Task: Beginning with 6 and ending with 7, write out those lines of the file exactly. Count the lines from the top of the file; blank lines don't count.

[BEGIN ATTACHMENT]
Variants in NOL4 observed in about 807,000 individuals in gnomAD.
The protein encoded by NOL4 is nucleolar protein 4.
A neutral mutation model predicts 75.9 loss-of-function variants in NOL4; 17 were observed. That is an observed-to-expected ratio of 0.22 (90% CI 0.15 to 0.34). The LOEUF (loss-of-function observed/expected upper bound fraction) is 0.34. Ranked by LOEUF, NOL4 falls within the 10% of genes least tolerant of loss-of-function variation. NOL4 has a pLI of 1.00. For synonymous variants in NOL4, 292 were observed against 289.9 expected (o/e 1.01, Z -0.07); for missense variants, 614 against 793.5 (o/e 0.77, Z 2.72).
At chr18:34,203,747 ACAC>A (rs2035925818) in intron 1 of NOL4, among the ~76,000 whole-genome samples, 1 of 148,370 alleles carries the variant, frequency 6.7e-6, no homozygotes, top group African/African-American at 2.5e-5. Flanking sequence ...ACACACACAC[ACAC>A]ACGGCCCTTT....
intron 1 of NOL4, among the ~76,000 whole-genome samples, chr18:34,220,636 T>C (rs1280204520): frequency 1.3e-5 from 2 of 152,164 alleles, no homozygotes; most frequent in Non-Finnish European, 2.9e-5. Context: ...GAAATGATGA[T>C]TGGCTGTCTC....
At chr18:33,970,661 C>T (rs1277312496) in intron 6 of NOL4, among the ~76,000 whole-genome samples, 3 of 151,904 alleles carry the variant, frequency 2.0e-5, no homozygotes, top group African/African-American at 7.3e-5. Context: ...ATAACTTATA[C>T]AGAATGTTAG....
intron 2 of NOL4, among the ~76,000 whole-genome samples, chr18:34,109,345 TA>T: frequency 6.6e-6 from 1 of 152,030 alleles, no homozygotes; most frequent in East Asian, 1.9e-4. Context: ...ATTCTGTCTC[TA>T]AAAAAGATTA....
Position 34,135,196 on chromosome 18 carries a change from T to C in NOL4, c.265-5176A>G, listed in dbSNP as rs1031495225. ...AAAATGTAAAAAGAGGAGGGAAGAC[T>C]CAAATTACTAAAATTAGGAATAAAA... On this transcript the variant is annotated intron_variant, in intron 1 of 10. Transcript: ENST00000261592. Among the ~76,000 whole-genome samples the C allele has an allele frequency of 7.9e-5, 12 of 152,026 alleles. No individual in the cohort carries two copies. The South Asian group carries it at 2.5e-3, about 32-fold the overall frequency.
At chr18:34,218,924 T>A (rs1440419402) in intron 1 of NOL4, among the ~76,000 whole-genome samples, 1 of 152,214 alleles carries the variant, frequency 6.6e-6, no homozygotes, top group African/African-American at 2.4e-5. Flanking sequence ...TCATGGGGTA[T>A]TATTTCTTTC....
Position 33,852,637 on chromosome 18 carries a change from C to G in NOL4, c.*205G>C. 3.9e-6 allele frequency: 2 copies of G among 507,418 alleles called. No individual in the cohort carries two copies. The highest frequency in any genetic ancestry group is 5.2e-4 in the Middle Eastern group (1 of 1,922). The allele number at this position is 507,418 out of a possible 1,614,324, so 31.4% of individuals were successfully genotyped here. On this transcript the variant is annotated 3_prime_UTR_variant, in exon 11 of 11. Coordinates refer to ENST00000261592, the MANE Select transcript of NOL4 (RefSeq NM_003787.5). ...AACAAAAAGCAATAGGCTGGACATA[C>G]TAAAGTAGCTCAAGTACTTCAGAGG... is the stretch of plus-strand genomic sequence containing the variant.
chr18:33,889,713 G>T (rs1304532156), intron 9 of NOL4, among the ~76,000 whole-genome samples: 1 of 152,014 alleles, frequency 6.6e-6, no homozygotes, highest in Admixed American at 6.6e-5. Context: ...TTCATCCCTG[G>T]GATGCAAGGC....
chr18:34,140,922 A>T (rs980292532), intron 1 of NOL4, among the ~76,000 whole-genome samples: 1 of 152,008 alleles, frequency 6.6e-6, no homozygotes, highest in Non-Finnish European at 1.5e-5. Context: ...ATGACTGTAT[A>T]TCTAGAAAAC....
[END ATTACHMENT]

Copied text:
At chr18:33,970,661 C>T (rs1277312496) in intron 6 of NOL4, among the ~76,000 whole-genome samples, 3 of 151,904 alleles carry the variant, frequency 2.0e-5, no homozygotes, top group African/African-American at 7.3e-5. Context: ...ATAACTTATA[C>T]AGAATGTTAG....
intron 2 of NOL4, among the ~76,000 whole-genome samples, chr18:34,109,345 TA>T: frequency 6.6e-6 from 1 of 152,030 alleles, no homozygotes; most frequent in East Asian, 1.9e-4. Context: ...ATTCTGTCTC[TA>T]AAAAAGATTA....